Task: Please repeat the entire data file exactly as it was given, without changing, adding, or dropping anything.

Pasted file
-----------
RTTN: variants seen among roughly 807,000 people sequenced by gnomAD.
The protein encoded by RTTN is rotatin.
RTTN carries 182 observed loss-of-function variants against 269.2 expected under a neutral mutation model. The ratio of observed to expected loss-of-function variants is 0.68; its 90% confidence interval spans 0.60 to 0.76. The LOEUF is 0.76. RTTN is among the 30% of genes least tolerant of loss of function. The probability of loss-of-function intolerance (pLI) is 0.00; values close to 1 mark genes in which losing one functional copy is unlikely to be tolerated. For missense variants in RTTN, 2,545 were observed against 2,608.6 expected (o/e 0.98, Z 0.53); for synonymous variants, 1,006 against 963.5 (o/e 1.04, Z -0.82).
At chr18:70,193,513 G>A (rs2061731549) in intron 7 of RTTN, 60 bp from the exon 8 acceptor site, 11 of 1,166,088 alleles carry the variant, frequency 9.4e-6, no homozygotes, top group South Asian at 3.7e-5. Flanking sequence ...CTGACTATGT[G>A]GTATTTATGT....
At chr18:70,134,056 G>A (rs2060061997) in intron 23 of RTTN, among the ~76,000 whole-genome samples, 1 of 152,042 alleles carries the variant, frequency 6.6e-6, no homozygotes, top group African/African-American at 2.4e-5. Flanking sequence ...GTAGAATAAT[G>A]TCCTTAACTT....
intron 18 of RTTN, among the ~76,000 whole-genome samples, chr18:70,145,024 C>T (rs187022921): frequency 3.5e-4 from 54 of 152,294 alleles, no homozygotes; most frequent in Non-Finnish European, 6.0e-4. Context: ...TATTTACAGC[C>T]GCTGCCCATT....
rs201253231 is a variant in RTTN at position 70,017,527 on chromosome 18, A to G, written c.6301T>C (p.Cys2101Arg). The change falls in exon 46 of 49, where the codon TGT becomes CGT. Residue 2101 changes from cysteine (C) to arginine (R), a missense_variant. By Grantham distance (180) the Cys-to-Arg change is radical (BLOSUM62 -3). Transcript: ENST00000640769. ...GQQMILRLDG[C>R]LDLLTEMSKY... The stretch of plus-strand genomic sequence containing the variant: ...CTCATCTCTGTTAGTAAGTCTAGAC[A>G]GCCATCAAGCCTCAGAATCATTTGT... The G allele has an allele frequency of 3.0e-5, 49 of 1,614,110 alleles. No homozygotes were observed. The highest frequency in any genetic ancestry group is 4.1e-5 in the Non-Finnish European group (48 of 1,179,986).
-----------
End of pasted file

RTTN: variants seen among roughly 807,000 people sequenced by gnomAD.
The protein encoded by RTTN is rotatin.
RTTN carries 182 observed loss-of-function variants against 269.2 expected under a neutral mutation model. The ratio of observed to expected loss-of-function variants is 0.68; its 90% confidence interval spans 0.60 to 0.76. The LOEUF is 0.76. RTTN is among the 30% of genes least tolerant of loss of function. The probability of loss-of-function intolerance (pLI) is 0.00; values close to 1 mark genes in which losing one functional copy is unlikely to be tolerated. For missense variants in RTTN, 2,545 were observed against 2,608.6 expected (o/e 0.98, Z 0.53); for synonymous variants, 1,006 against 963.5 (o/e 1.04, Z -0.82).
At chr18:70,193,513 G>A (rs2061731549) in intron 7 of RTTN, 60 bp from the exon 8 acceptor site, 11 of 1,166,088 alleles carry the variant, frequency 9.4e-6, no homozygotes, top group South Asian at 3.7e-5. Flanking sequence ...CTGACTATGT[G>A]GTATTTATGT....
At chr18:70,134,056 G>A (rs2060061997) in intron 23 of RTTN, among the ~76,000 whole-genome samples, 1 of 152,042 alleles carries the variant, frequency 6.6e-6, no homozygotes, top group African/African-American at 2.4e-5. Flanking sequence ...GTAGAATAAT[G>A]TCCTTAACTT....
intron 18 of RTTN, among the ~76,000 whole-genome samples, chr18:70,145,024 C>T (rs187022921): frequency 3.5e-4 from 54 of 152,294 alleles, no homozygotes; most frequent in Non-Finnish European, 6.0e-4. Context: ...TATTTACAGC[C>T]GCTGCCCATT....
rs201253231 is a variant in RTTN at position 70,017,527 on chromosome 18, A to G, written c.6301T>C (p.Cys2101Arg). The change falls in exon 46 of 49, where the codon TGT becomes CGT. Residue 2101 changes from cysteine (C) to arginine (R), a missense_variant. By Grantham distance (180) the Cys-to-Arg change is radical (BLOSUM62 -3). Transcript: ENST00000640769. ...GQQMILRLDG[C>R]LDLLTEMSKY... The stretch of plus-strand genomic sequence containing the variant: ...CTCATCTCTGTTAGTAAGTCTAGAC[A>G]GCCATCAAGCCTCAGAATCATTTGT... The G allele has an allele frequency of 3.0e-5, 49 of 1,614,110 alleles. No homozygotes were observed. The highest frequency in any genetic ancestry group is 4.1e-5 in the Non-Finnish European group (48 of 1,179,986).